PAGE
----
The opposing sides in a landmark Supreme Court case concerning a key provision of the Voting Rights Act of 1965 have filed court briefs that suggest they see America through two different lenses.
At issue is a key provision of the law -- Section 5 -- that requires certain states and jurisdictions with a history of discrimination to have any changes in voting procedures precleared by either the attorney general or a three-judge Federal District Court in Washington, D.C.
On one side is the Department of Justice, which says that Section 5 is the "most consequential, and amply justified exercises of federal power in the nation's history." A brief filed by the NAACP Legal Defense Fund says that Section 5 is still necessary because "notwithstanding undeniable progress, striking voting discrimination continues and is concentrated in the covered jurisdictions."
On the other side are lawyers for Shelby County, Ala., a covered jurisdiction under the Voting Rights Act, who say that Congress was wrong in 2006 to extend the provision for 25 more years. They argue that "things have changed in the South" and that the mostly Southern states covered by Section 5 should no longer be subject to a law that exacts a "heavy, unprecedented federalism cost" absent a widespread and persisting pattern of constitutional violations.
Both sides meet Wednesday, when the Supreme Court takes up the issue.
Last December, U.S. Attorney General Eric Holder made a speech in which he vigorously defended Section 5, calling it an "indispensable tool for eradicating racial discrimination." He noted that Congress reauthorized it in 2006, and that it has been upheld eight times from 1965 to 2012.
But Holder said that over the past two years there had been at least 10 lawsuits -- more than in the first four decades of the statute's existence -- arguing that it is no longer constitutional.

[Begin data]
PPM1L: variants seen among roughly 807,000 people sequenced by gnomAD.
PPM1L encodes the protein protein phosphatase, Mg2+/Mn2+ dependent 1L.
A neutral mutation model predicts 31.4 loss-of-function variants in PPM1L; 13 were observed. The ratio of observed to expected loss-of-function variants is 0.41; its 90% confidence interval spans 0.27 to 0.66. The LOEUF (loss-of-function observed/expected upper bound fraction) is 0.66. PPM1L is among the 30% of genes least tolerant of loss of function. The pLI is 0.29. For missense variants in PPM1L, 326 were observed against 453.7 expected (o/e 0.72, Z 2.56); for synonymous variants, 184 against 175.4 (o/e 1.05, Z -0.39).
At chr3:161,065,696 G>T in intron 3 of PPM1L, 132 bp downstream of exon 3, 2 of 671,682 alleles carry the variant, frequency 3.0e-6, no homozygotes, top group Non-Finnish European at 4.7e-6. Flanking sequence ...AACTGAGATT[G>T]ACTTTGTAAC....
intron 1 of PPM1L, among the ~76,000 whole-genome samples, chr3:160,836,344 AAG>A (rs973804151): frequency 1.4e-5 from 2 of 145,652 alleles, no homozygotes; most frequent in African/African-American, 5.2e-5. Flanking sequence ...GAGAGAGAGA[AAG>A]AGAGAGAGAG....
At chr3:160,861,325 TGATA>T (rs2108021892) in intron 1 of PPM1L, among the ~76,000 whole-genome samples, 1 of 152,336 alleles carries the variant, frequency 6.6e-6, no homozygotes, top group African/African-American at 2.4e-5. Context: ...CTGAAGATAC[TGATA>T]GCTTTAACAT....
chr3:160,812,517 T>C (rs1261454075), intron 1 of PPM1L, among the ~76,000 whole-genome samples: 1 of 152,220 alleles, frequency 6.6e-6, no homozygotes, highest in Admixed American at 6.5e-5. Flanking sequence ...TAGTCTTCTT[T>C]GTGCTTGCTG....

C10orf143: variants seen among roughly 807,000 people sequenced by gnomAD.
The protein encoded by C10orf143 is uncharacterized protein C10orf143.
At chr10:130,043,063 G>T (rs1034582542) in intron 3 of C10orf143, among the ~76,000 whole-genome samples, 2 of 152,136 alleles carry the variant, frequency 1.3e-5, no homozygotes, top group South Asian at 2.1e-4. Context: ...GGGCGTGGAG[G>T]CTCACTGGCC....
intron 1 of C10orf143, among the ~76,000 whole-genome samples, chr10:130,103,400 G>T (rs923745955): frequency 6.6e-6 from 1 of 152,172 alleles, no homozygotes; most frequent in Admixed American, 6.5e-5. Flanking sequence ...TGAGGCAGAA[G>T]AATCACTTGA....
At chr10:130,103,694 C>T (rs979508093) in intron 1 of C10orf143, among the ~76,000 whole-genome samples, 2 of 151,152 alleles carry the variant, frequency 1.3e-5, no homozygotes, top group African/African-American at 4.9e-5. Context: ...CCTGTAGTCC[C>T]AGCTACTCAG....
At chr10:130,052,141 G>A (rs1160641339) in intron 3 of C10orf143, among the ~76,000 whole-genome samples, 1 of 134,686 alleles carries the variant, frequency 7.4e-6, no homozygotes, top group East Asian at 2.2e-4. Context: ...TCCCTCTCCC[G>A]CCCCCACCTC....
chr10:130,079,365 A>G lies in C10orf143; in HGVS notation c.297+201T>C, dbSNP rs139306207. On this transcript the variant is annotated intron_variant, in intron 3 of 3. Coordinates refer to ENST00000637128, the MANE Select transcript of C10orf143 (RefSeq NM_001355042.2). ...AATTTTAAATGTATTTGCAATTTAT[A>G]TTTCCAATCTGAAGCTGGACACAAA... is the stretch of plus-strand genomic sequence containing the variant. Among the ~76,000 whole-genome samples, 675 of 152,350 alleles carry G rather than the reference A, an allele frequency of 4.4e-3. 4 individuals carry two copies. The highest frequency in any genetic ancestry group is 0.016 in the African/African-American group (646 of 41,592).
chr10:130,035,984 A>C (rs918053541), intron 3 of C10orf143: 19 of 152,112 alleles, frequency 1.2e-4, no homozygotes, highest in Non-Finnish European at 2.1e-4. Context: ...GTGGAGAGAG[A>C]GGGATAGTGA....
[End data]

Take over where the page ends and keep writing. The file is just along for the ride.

He said, "The reality is that, even today, too many citizens have reason to fear that their right to vote, their access to the ballot and their ability to have their votes counted is under threat."
The jurisdictions covered under the law include Alabama, Alaska, Arizona, Georgia, Louisiana, Mississippi, South Carolina, Texas and Virginia, as well as portions of California, Florida, Michigan, New Hampshire, New York, North Carolina and South Dakota.
All sides agree on the importance of the Voting Rights Act that was passed after "Bloody Sunday" in 1965, when protesters urging voting rights protection were beaten while trying to march from Selma to Montgomery, Ala. The question before the court is whether Congress assembled an appropriate record in reauthorizing Section 5 for 25 more years.
In reauthorizing the act in 2006, Congress held 21 hearings, heard testimony from witnesses and amassed more than 15,000 pages of evidence. In a recent speech sponsored by the American Constitution Society, Rep. Mel Watt, D-N.C., who sits on the House Judiciary Committee, said it was a "comprehensive and deliberate process" culminating in an "overwhelmingly bipartisan vote." The vote was 98-0 in the Senate, and 390-33 in the House.
Solicitor General Donald B. Verrilli Jr. argues in briefs that "Congress made the considered judgment in 2006 (as it had in 1970, 1975 and 1982) that covered jurisdictions continue to resist minority voters' equal enjoyment of the right to participate in the political process."